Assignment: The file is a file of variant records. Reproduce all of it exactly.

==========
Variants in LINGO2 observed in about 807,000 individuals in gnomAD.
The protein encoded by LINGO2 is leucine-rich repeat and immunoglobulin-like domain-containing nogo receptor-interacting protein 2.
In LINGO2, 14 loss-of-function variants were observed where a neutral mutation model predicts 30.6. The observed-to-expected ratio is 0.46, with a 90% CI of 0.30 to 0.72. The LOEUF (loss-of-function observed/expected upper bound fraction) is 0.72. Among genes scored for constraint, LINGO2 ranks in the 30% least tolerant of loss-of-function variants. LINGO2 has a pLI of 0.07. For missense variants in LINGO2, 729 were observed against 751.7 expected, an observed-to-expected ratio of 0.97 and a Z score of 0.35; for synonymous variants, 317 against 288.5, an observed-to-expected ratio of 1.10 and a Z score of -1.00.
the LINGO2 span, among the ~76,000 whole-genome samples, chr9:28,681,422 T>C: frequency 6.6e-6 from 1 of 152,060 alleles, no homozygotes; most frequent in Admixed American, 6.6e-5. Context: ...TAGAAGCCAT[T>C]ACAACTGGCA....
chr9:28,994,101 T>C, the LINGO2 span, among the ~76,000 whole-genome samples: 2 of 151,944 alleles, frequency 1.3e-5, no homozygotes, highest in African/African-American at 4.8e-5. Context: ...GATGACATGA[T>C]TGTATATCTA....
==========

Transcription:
Variants in LINGO2 observed in about 807,000 individuals in gnomAD.
The protein encoded by LINGO2 is leucine-rich repeat and immunoglobulin-like domain-containing nogo receptor-interacting protein 2.
In LINGO2, 14 loss-of-function variants were observed where a neutral mutation model predicts 30.6. The observed-to-expected ratio is 0.46, with a 90% CI of 0.30 to 0.72. The LOEUF (loss-of-function observed/expected upper bound fraction) is 0.72. Among genes scored for constraint, LINGO2 ranks in the 30% least tolerant of loss-of-function variants. LINGO2 has a pLI of 0.07. For missense variants in LINGO2, 729 were observed against 751.7 expected, an observed-to-expected ratio of 0.97 and a Z score of 0.35; for synonymous variants, 317 against 288.5, an observed-to-expected ratio of 1.10 and a Z score of -1.00.
the LINGO2 span, among the ~76,000 whole-genome samples, chr9:28,681,422 T>C: frequency 6.6e-6 from 1 of 152,060 alleles, no homozygotes; most frequent in Admixed American, 6.6e-5. Context: ...TAGAAGCCAT[T>C]ACAACTGGCA....
chr9:28,994,101 T>C, the LINGO2 span, among the ~76,000 whole-genome samples: 2 of 151,944 alleles, frequency 1.3e-5, no homozygotes, highest in African/African-American at 4.8e-5. Context: ...GATGACATGA[T>C]TGTATATCTA....